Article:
“And have you always lived here in our town,” asked Julia.
“Oh, no! I am from Italy. When my child was but two years old, I left my native shores, and with my only relative, my father, followed my young husband, who is an American, to his own land. We settled in the State of Virginia, and a short time ago he died and left me with a charge to take care of our dear Elise. She had her father’s hair and complexion, and inherited his delicate constitution. We were poor and I labored hard, but I cared not, if I could only make my child comfortable and happy. She was not like me—her mind was full of thoughts of beauty—she would often talk of things with which I could not sympathize—the world seemed to her to be full of voices, and she would often say ’How beautiful heaven must be.’ Her nature was purer and gentler than mine, and I felt that she was a fit companion of the angels. But she is now gone to be with them, and I hope soon to meet her.”
Julia bid the lady good bye and went towards her home. As she walked slowly along, she thought to herself, “Elise with the angels!” and she dwelt on the theme till her mother, seeing her rather different in her conduct, asked her the cause, when she replied, “Oh, mother! I want to dwell with the angels.”
“And was there never a portrait of your beautiful child,” said Anne Jones to a lady whom she met at the grave where her child had been lain a few weeks.
“Oh, yes! but I may never have it,” replied the woman, as she stood weeping at the grave.
Anna did not understand the mother’s tears, but in a few moments she became calm, and continued to explain.
“Not many weeks before my child’s illness, as we were walking together in the city, an artist observed my daughter and followed us to our humble home. He praised her countenance to me, and said her beauty was rare. In all his life he had never seen face to compare with it, nor an eye so full of soul—and begged to have me consent to his drawing her portrait. After many urgent entreaties, my dear child consented. For several mornings I went with Flora to the artist’s room, though I could ill afford the time, for our daily bread was to be earned. When he was finishing the picture, Flora went alone. One day she returned, and flinging into my lap her little green purse, she said:—’The picture does not need me any more, and I am very glad, for my head aches badly. They say the portrait is very like me, mother.’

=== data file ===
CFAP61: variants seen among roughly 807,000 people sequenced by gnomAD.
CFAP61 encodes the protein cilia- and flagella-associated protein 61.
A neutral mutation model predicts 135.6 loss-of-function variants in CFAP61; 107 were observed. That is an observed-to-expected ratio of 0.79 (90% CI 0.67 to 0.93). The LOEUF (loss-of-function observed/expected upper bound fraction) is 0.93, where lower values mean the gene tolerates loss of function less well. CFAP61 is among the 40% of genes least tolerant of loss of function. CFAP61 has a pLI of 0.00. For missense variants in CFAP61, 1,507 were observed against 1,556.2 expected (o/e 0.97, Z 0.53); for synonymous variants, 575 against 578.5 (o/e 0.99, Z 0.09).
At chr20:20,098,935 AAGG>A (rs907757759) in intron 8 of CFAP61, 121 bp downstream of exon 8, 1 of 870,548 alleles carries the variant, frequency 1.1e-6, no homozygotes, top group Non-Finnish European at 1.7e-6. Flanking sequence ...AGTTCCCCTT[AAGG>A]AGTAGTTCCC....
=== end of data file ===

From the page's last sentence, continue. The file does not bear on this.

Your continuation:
“I resolved to go and see it the day following, but when the time came that I first looked upon it, my dear child began to fade in my arms, until she died. And here she is buried. Since then I go to the artist’s room to see her portrait, and there, full of life and beauty, she stands before me, and I have permission to see it every day.
“But I am about to leave this country for our native land. My aged father has long wished to return to his own country, and we shall soon sail with our friends for Italy. I must leave the dear child here. But if I can purchase the picture of the artist, I shall be happy. We are poor; but by the sale of some little articles, we have raised money enough to buy the picture, at the price which the artist demands for a similar picture.